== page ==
My Kind of Country

Country music from a fan's point of view since 2008

Tag Archives: Toy Caldwell

Compilation Review: The Best of Hank Williams Jr, Volume One: Roots and Branches’

MI0002768558Released in 1992, The Best of Hank Williams Jr: Roots and Branches is a compilation of songs Hank recorded between the mid 1960s – mid 1970s. The songs trace Hank’s career before he developed his own sound and became the superstar country-rocker he’s best known as today.

All and all, the collection consists of twenty songs including six that Hank wrote himself. “Standing In The Shadows” is an excellent honky-tonk ballad as is “I Was With Red Foley,” which features a nice spoken word lyric. “Rock in My Shoe” and “Stoned At the Jukebox” is more contemporary in nature, with flourishes of harmonica and 1970s-era acoustic guitar pairing nicely with the ribbons of steel still heard throughout. “Living Proof” showcases Hank just as he began to shape his own identity. In contrast, “It’s All Over But the Crying” appears to be from his earliest days, with Hank framed in a Nashville Sound-era arrangement.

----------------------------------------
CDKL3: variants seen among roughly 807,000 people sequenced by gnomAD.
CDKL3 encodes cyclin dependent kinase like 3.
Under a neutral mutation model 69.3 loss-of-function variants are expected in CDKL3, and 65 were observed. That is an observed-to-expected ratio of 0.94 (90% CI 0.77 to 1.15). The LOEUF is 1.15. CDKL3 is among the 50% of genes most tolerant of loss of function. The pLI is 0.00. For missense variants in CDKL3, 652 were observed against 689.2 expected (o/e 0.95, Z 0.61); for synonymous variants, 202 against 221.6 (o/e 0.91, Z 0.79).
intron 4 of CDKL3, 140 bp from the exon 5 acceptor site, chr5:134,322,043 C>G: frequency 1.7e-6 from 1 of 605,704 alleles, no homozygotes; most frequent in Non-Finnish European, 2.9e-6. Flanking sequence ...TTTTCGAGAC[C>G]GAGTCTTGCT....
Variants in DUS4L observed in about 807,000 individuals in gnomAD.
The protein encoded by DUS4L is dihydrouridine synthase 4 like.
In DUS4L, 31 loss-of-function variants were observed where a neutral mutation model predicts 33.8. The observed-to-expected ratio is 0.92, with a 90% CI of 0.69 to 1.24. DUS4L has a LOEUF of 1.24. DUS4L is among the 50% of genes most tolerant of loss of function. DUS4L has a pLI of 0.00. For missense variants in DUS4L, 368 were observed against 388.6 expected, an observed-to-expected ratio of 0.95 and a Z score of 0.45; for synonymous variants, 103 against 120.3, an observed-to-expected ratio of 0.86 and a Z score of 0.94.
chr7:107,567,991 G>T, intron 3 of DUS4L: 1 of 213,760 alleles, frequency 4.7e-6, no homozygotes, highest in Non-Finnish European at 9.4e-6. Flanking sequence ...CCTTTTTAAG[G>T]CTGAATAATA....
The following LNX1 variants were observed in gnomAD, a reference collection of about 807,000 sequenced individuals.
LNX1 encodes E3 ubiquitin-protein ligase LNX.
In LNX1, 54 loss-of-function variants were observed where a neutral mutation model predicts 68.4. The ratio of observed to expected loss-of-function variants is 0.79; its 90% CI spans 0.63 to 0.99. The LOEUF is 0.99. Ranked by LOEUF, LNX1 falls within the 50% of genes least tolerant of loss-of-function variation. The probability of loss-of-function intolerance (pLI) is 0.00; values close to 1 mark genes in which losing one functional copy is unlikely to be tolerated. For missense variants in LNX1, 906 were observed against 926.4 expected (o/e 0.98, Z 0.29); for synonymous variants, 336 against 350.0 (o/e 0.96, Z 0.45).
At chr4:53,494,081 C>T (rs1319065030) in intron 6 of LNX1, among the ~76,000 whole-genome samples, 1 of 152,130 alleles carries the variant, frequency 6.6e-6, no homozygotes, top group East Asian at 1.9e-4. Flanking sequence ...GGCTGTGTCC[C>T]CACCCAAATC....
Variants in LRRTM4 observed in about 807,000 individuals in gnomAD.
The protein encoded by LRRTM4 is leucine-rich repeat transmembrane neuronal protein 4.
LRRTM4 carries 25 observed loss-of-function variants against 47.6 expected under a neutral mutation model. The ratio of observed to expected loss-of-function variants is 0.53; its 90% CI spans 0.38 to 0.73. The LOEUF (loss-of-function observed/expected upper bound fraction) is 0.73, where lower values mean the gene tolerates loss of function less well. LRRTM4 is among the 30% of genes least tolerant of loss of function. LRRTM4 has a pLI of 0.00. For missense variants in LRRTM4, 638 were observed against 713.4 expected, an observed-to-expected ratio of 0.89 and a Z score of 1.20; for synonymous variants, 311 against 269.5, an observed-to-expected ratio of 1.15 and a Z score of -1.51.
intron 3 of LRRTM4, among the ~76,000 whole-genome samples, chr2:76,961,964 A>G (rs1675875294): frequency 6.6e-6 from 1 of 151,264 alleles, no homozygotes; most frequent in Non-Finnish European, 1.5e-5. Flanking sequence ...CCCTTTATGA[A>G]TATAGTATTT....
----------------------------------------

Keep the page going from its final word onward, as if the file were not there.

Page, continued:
Hank’s father had a hand with three of the tracks. “Cajun Baby” is billed as being written by both father and son, and it’s an excellent fiddle-based uptempo tune. “Long Gone Lonesome Blues” and “Cold, Cold Ground” are mid-tempo honky-tonkers.

The rest of the compilation features tunes written by a bevy of different songwriters. “I’d Rather Be Gone” is a Merle Haggard-penned straight country ballad as is the Harlan Howard-penned “I Walked Out on Heaven.” Toy Caldwell had “Losing You” and “Can’t You See,” two of the meatiest tunes on the whole project.

The whole album is indeed a first-rate run down of Hank’s career during this period. Unlike most of the albums we’ve highlighted this month, Roots and Branches is still available (although not digitally) and worth seeking out.

Grade: A